Fear is everywhere in Frank Herbert’s “Dune” (1965). It’s there when the members of House Atreides arrive at their new and hostile home, the desert planet Arrakis. It’s there when Paul Atreides, the protagonist of the book, questions what his role in said story will be. Most importantly, however, it surrounds the book and franchise itself. Though “Dune” is the best-selling sci-fi book of all time and has influenced other giants in the genre like George Lucas, William Gibson and Neal Stephenson, it carries a reputation as an overly complex and even boring story on its own, which has turned many a casual reader away.
With the new film adaptation sweeping the recent Oscars and gaining the franchise more public attention than ever, there has never been a better time to try and make sense of this far-reaching mess of a book. So let’s discuss the book which has spawned such a successful movie. “Dune” is sprawling, it is overly detailed, and it is devoid of nearly any sense of character. It is by far the best sci-fi book this author has read in quite some time.
The actual plot of “Dune” is surprisingly not that complex, at least in the beginning. Set approximately 20,000 years in the future, the book follows Atreides, the heir to a great house in the Galactic Padishah Empire, as he and his family fight the rival House Harkonnen for control of their new home, Arrakis, also known as “Dune.” It seems, at first, like a standard good versus evil epic in a futuristic desert but quickly evolves into something much more wide reaching and strange. Years pass, languages and cultures change and the plot slowly slinks into the background as Frank Herbert’s eye for detail takes center stage instead. Unfortunately, this does no favors for the book’s massive cast.
There are few real characters in “Dune.” Sure, there are hundreds of names and people in this multiyear saga, but most serve only to advance the story in incremental ways. Among Paul’s great love, Chani of the Fremen; his father, the Duke Leto Atreides; the evil Baron Vladimir Harkonnen, none have the distinct traits that turn figures into characters. Paul serves more as a vessel for the audience than as a distinct voice of his own. And yet, it is this seemingly massive flaw that the great genius of “Dune” as a book is revealed.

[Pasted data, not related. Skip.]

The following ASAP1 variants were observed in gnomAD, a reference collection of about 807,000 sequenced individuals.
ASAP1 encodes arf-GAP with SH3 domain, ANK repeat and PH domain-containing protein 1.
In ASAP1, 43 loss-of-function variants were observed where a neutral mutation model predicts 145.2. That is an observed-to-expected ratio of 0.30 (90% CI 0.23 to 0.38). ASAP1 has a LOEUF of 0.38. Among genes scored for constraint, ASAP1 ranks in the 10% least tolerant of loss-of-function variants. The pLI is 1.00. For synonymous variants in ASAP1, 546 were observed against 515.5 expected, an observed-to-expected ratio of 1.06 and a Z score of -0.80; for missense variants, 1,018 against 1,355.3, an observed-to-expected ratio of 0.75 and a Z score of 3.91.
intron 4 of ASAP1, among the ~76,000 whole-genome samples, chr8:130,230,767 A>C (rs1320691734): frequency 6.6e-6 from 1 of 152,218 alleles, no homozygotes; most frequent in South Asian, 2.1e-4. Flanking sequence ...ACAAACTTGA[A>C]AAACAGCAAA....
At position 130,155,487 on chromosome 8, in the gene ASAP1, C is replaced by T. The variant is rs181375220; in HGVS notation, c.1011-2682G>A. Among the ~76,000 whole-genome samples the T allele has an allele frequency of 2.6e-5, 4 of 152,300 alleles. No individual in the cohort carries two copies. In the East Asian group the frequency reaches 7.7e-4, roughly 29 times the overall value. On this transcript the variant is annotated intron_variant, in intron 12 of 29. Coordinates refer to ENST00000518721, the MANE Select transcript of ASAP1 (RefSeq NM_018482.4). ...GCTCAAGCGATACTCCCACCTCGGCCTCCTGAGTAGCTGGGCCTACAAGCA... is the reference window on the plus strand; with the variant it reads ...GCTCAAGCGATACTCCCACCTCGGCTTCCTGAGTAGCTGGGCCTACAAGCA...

The irony in the book’s focus on the little details serving only the big picture is what makes it so interesting on the face of its lack of plot. Organizations, not characters, are the stars of the story here. Every faction is given a full and clear picture through the way the story is told and by focusing on concepts bigger than the personality of a singular person. This book is not at all what it first appears to be, even down to its most base elements.
Dune is not a story about good versus evil or even one of people. It’s a legend about the danger of messiah figures and how ecological collapse is not an unavoidable reality but a curse to overcome. It’s a study on Abrahamic religions, specifically Islam, and how they might evolve in the future to control and uplift humanity. That’s not to say there’s no straight-up fun to be had here; some characters ride giant sandworms into battle. On the contrary, every detail has been handcrafted by Herbert to fit his world while simultaneously conveying some kind of message or insight into modern life. The book even has an almost 50-page long index and appendix for the history of this universe.
This story is a masterclass in worldbuilding at the direct expense of interesting characters, and yet, by the end of Paul Atredies’ journey you still feel like you understand him and his world better than most stories can hope to achieve. All of this from a nearly 500-page book about alien desert worms with walls of sometimes excruciatingly dull text.
You might hate this book, and you might love this book. The tale it tells is long, complex and boring, but the feeling you get upon finishing it and understanding it is unlike any other I’ve experienced before in a sci-fi book.
To fear reading a book so strange and even uninteresting is natural, but on that note, I’ll leave you with perhaps the book’s most famous passage, the Litany Against Fear: “I must not fear. Fear is the mind-killer. Fear is the little-death that brings total obliteration. I will face my fear. I will permit it to pass over me and through me. And when it has gone past, I will turn the inner eye to see its path. Where the fear has gone there will be nothing. Only I will remain.”
This author couldn’t have described “Dune” better if they’d tried.